March 14, 2009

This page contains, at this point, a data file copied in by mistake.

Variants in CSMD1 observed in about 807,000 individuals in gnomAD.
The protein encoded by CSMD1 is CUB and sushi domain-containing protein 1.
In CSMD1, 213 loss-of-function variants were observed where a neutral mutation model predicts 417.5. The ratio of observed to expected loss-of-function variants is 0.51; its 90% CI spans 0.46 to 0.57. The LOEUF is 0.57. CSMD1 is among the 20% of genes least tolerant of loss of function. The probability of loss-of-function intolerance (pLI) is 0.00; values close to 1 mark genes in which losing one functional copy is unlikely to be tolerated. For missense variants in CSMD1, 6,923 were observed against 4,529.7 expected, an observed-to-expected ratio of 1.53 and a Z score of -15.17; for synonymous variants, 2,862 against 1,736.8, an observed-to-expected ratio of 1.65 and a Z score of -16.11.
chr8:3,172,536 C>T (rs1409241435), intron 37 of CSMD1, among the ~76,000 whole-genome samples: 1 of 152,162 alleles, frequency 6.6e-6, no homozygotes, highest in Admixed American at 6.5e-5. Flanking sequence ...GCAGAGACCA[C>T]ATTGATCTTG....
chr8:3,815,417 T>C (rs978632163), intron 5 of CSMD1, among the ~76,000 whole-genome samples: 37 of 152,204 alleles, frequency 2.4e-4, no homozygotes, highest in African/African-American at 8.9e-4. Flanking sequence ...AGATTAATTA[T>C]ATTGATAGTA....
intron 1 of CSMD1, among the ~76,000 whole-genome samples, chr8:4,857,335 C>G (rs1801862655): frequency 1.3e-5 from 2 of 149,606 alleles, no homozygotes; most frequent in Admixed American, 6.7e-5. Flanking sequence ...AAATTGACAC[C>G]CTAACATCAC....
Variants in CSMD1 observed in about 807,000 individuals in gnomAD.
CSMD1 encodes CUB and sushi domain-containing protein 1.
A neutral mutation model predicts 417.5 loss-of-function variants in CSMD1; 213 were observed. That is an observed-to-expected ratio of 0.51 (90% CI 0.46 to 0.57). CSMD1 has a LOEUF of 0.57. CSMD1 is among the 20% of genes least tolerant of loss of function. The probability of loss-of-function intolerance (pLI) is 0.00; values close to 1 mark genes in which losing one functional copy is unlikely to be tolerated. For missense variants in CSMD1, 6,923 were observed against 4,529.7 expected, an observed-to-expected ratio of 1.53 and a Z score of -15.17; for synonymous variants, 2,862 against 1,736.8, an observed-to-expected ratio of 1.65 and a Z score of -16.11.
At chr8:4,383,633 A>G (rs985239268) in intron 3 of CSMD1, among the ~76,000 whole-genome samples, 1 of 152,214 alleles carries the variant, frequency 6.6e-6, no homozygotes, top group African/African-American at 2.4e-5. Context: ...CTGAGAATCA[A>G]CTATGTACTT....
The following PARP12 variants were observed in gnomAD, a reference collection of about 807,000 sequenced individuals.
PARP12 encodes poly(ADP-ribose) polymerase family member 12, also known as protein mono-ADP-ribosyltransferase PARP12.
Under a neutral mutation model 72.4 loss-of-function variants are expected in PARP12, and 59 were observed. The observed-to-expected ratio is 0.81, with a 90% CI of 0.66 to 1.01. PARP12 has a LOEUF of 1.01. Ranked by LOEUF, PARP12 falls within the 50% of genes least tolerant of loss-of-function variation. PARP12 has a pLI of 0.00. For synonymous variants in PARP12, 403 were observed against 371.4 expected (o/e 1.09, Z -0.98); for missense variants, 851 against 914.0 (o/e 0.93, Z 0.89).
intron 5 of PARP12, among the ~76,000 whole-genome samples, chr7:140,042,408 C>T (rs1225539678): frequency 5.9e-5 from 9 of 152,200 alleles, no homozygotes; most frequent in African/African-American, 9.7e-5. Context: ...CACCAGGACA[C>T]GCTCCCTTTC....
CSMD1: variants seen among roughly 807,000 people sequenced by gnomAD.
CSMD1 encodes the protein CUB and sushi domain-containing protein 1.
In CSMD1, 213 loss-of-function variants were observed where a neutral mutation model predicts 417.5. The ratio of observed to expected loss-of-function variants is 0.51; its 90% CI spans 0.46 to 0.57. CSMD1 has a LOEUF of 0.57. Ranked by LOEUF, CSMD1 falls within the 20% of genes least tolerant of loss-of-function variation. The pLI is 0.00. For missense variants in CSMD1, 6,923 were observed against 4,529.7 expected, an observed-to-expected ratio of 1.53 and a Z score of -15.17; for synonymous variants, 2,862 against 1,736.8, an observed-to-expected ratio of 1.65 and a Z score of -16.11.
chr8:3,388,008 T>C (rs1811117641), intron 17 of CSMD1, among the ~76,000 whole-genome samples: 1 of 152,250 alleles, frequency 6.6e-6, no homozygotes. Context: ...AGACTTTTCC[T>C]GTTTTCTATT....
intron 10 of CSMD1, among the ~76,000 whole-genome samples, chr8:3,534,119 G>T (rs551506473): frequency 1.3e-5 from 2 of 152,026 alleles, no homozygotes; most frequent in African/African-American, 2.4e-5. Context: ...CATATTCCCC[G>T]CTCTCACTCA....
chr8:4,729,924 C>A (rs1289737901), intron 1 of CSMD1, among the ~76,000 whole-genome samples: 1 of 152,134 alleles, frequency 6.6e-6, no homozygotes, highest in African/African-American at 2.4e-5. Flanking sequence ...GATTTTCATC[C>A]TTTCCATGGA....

Last night we watched “Junebug,” a 2005 film with Alessandro Nivola, Embeth Davidtz, Amy Adams, Benjamin McKenzie, and Celia Weston. The story concerns Madeleine (Davidtz), who owns an “outsiders” art gallery in Chicago. She gets wind of a primitive artist in North Carolina and decides to go in person to get him to sign on with her gallery. Her new husband, George Johnsten (Nivola), takes the trip with her in order to introduce her to his family, who live a short distance from the artist. This family – parents, a son, and the son’s pregnant and childish wife – Adams, who got an Oscar nomination for this performance – constitute a delicate balance of no-nothingism, introversion, and frayed nerves. Madeleine, who has not been prepared for this encounter and who understands nothing about this family or its environment, unwittingly becomes a kind of bizarro-world bull in the china shop. This film is an interesting psychological study of each of the major characters and a caution against judging folks based on their behavior alone. The director, Phil Morrison, likes silent landscapes and occasional black screens, as though he’s saying: “Hmmmm, let’s think about this for a minute.” That’s a good recommendation for the film as a whole. It’s the kind of film that requires at least one more person in the room – viewers are likely to discuss it as it evolves – and someone to talk with further later on.